This week Parliament has returned after the summer recess. It’s been a busy few weeks and a very welcome opportunity to spend even more time in Swindon, talking to fellow residents, meeting community groups and attending a large number of local events. In the last week, the agenda has been dominated by the refugee crisis, and I have been in touch with many of you who have contacted me.
Most of us will have seen the appalling images of the death of one little boy who was travelling with his family in an unseaworthy boat from Turkey to Greece. Anyone who saw those pictures could not help but be deeply moved, whether or not we happen to be parents. Emotions are running very high at present for understandable reasons, but our policy has to be a balanced one, bearing in mind the existing migration pressures that face us. I wrote recently in the Advertiser about the need for the UK to firmly maintain and improve immigration controls.
There is, however, a real dilemma that has faced us in the past and is now confronting us again. As a nation I believe that we have a moral responsibility to those in desperate need of help. The Somali-British poet Warsan Shire once wrote in relation to refugees, “that no one puts their children in a boat unless the water is safer than the land.” Very sadly, there are people smugglers and human traffickers who are all too ready to prey on people and who do not care about the welfare of others. It is these criminals who are directly causing the deaths of thousands of people, including the young boy in the photograph. That’s why we have sent the Royal Navy to the Mediterranean, saving thousands of lives; why we meet our commitment to spend 0.7 per cent of our economy on aid; why Britain is the second biggest bilateral donor in the world to Syrian refugee camps; and why we are taking thousands of Syrian refugees – which we’ll continue to do and keep under review. Further to this we are maintaining a task force to support the Italian-led search and rescue operation in the Mediterranean. To that end, HMS Enterprise remains in the Mediterranean with supporting Border Force cutters and, together with the previously deployed HMS Bulwark, have rescued more than 6,700 people.
We need a comprehensive solution that tackles the problem at its source and which deals with the people most responsible for it. President Assad in Syria, the butchers of ISIL, and the criminal gangs that are running this terrible trade in people must be held accountable for their actions in addition to restoring safety and peace in the homes of these refugees. I don't think that a long and dangerous journey of thousands of miles into Europe is good for the welfare of refugees either,which is why I support the Government's resettlement plans for up to 20,000 Syrian refugees over the course of this parliament. The refugees will be taken directly from the camps in the Middle East to discourage Syrians from risking the hazardous journey across the Mediterranean. There will be an increase in our Syrian Vulnerable Person Relocation scheme which since January 2014 has resettled 216 people, in addition to the nearly 5,000 Syrians that have been granted asylum through normal procedures. This approach is similar to the one we took to towards the children of Jewish families fleeing persecution in the 1930's or the Vietnamese Boat People thirty years ago.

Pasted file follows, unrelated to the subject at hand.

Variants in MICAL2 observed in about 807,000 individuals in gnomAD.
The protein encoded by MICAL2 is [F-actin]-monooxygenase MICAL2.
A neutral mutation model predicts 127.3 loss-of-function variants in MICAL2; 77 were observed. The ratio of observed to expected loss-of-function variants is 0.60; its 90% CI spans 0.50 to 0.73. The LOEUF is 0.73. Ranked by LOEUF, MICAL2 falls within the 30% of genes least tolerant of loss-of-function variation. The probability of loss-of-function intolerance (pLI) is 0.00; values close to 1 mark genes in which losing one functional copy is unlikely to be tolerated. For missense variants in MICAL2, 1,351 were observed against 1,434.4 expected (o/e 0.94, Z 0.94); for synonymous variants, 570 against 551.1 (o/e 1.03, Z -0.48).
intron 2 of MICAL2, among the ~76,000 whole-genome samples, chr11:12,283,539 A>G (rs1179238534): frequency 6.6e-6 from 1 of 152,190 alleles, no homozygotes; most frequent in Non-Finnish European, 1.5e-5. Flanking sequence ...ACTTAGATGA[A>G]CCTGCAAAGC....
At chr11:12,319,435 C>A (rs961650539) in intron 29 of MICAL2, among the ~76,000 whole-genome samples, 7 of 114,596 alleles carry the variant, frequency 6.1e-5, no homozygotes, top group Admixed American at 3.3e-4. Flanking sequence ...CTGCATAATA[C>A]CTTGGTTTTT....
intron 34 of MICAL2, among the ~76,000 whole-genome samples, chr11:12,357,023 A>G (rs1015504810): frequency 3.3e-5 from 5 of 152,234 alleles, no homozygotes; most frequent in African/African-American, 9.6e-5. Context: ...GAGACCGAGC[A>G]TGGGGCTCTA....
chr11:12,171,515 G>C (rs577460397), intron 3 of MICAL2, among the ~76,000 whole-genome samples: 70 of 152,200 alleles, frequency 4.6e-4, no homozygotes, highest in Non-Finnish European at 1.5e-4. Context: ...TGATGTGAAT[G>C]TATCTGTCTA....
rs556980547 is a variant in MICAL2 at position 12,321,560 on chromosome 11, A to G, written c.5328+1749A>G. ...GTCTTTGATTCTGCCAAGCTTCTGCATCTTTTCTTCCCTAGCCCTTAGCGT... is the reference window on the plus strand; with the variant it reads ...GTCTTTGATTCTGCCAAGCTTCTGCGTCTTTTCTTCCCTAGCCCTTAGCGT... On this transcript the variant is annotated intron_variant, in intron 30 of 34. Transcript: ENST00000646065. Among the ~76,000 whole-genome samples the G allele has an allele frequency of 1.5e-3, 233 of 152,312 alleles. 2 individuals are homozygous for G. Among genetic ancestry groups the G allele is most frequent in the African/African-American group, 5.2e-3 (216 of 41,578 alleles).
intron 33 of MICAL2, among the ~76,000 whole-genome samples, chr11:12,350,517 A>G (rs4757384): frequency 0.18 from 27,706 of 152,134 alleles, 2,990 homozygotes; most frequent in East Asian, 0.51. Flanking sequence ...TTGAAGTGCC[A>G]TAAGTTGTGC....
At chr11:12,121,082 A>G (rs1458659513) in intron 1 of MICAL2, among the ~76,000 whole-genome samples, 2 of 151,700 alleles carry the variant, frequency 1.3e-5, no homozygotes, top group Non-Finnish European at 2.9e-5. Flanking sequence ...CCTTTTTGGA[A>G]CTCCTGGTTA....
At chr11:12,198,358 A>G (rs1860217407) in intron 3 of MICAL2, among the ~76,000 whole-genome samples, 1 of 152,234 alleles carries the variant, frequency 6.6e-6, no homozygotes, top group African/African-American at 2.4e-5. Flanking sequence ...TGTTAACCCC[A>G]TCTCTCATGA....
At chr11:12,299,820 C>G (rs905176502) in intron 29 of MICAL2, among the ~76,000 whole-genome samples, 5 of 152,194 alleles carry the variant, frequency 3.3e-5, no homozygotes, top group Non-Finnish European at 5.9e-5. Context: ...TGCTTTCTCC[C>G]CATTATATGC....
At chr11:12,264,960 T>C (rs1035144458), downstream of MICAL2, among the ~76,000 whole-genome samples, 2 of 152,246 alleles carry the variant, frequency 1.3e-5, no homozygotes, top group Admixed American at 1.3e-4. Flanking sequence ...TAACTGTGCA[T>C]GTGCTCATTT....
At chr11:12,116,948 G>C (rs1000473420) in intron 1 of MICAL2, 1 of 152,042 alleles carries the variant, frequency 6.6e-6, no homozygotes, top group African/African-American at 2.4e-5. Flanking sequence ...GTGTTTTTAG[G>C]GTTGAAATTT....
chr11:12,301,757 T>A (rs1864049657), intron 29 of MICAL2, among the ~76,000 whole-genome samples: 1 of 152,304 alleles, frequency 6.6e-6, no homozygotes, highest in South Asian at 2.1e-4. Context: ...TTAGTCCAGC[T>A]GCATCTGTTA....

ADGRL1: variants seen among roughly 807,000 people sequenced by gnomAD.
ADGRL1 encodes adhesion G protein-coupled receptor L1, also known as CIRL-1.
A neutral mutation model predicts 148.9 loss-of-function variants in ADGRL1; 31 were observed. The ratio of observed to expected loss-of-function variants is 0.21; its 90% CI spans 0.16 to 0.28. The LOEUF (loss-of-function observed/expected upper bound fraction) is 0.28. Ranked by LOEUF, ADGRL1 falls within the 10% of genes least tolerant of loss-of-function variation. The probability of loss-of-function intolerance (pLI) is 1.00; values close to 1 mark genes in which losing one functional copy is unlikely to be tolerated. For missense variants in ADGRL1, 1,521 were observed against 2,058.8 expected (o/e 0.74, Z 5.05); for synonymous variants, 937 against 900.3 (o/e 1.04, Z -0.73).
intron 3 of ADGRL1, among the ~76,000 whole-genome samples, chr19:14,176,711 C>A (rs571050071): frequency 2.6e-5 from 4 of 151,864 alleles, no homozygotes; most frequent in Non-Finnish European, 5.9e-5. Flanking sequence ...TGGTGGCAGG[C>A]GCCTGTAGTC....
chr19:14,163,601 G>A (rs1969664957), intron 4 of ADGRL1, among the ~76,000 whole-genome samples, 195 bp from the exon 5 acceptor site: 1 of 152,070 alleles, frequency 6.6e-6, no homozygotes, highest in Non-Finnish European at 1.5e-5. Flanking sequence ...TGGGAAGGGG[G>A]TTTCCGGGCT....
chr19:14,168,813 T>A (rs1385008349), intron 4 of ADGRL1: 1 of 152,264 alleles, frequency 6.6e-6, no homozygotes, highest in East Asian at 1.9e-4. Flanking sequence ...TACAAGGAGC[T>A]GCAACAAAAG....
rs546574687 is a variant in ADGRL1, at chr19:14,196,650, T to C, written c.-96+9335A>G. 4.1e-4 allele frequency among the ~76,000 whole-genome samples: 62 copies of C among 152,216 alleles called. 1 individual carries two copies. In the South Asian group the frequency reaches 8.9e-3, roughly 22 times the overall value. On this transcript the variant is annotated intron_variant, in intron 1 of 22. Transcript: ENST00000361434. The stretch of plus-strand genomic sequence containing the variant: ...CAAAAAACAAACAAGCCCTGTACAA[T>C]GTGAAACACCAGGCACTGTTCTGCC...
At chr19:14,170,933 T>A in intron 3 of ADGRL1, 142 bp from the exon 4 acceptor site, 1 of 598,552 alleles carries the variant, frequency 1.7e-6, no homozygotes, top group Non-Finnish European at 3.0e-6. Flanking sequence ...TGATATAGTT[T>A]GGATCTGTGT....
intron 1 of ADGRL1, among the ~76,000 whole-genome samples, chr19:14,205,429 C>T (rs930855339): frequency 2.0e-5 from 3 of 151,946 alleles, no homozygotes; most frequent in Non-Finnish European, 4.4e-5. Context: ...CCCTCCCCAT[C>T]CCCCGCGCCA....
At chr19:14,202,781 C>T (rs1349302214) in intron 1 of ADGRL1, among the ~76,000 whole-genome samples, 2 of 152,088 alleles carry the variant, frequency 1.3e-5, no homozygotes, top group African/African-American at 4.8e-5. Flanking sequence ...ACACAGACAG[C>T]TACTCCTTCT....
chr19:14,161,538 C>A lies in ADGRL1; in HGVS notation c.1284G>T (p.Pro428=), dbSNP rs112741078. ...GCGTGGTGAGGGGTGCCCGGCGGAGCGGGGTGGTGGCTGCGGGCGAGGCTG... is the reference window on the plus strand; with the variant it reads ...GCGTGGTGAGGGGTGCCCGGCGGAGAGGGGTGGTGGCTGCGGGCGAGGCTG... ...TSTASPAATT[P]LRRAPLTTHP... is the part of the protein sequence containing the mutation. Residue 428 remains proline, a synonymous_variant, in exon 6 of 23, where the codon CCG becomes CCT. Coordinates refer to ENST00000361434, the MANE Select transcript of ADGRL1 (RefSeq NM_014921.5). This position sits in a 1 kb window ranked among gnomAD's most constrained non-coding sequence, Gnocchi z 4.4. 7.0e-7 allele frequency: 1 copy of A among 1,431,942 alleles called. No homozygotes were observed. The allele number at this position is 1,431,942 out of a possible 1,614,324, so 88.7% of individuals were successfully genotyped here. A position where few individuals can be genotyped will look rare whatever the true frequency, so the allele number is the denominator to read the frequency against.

Whilst there is no quick solution to this, the UK has allocated £1 billion in aid to the Syrian refugee camps since 2012, making us the second largest donor in the world, behind the United States. This is helping to meet the immediate needs of vulnerable people in Syria and refugees across the region and to March 2015 the UK has provided over 18 million rations of food according to the UN. Britain is taking a lead and playing its part in dealing with this humanitarian crisis.
I also hosted another advice surgery at my offices in Wood Street on Friday and discussed many issues, including the refugee crisis with some of my constituents. Please get in touch with my office on 01793 533393 if you would like to arrange a time to come and talk to me about local or national issues.